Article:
Who invented the donut? Why do donuts have holes? How do you make donuts?
Authentic projects often start with a few simple questions and end with a student developed recipe for delicious tasting zero calorie donuts! ( My blog…my fantasy!)
The picture at the top of this post and the picture at the bottom of this post were taken on the same day. And they were both taken on the same island in Hawaii!
How is that possible? Snow in the tropics? On the same day the young lady went from short sleeves to a winter coat? (Hint – she was high up on a mountain at an observatory in the second picture.)
So, what impacts weather? How many places can you think of where someone could wear a summer outfit and a winter outfit during the same day? Take the authentic learning experience from here…it may end up being a long authentic project about what impacts the weather or a short authentic research experience about what the young lady is standing inside of in the top picture. Or maybe even a huge authentic project about the Hawaiian Islands. With authentic learning you never know where you will end up! Aloha!
Adults often do many things for children that they can do for themselves, especially when preparing for a project. We all know how important it is to be prepared for a lesson with students. But being prepared, and adults doing work that students can learn from, are two very different things. Planning and gathering materials for a project are important activities that students can and should be involved with. When plans miraculously happen, and materials just appear, many learning opportunities are lost.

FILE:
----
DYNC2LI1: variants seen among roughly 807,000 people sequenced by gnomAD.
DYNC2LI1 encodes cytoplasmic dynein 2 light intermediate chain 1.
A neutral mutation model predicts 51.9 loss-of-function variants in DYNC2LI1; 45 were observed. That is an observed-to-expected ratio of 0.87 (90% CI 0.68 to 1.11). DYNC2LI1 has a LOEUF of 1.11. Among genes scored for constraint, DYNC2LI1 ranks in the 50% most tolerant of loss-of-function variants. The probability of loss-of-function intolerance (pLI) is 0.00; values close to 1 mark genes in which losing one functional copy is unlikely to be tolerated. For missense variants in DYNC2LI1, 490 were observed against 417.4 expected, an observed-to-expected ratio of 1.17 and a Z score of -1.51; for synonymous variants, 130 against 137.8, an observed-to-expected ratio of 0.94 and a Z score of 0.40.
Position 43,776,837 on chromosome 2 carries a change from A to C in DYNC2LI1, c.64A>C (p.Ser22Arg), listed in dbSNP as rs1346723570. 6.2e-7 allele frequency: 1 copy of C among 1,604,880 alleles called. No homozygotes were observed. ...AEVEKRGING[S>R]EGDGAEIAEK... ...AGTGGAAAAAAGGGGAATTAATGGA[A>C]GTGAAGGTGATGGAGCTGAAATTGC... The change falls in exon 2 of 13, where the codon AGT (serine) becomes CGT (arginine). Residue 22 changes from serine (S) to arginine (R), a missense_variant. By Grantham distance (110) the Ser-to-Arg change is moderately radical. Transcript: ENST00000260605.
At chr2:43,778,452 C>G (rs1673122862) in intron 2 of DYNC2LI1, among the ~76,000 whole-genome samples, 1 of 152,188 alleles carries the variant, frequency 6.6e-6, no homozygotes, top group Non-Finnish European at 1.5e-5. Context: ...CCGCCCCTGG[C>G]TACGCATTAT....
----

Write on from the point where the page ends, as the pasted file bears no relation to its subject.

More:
When we presented the State Fair to other groups of students, many math opportunities occurred. There was measurement to plan how to set up the fair in the space we had available. There was discourse and compromise among students to agree on how to place each state in the fair – Alaska wanted to display the states alphabetically, Texas by size, California by population… A schedule was developed – after the students figured out how much time each group would need at the fair based on number of displays to visit and how much average time would be spent at each display. Groups were invited based on this schedule. Then the schedule was adjusted for groups that had a conflict with the available times. Then the schedule was re-adjusted after the first day when the students realized larger groups and older students needed more time at the fair than smaller and younger groups, etc.
There are many math opportunities for parents working with children at home as well. When inviting other children over make sure your child is involved in this discourse. You would be surprised how much math you use every day without even realizing it. (Except of course when I balance my checkbook. Then I totally realize how much math is involved as I try to make sense of the usual mess I have made!)
Doing projects with kids is a great starting point for learning. But the goal should be for the authentic learning experience.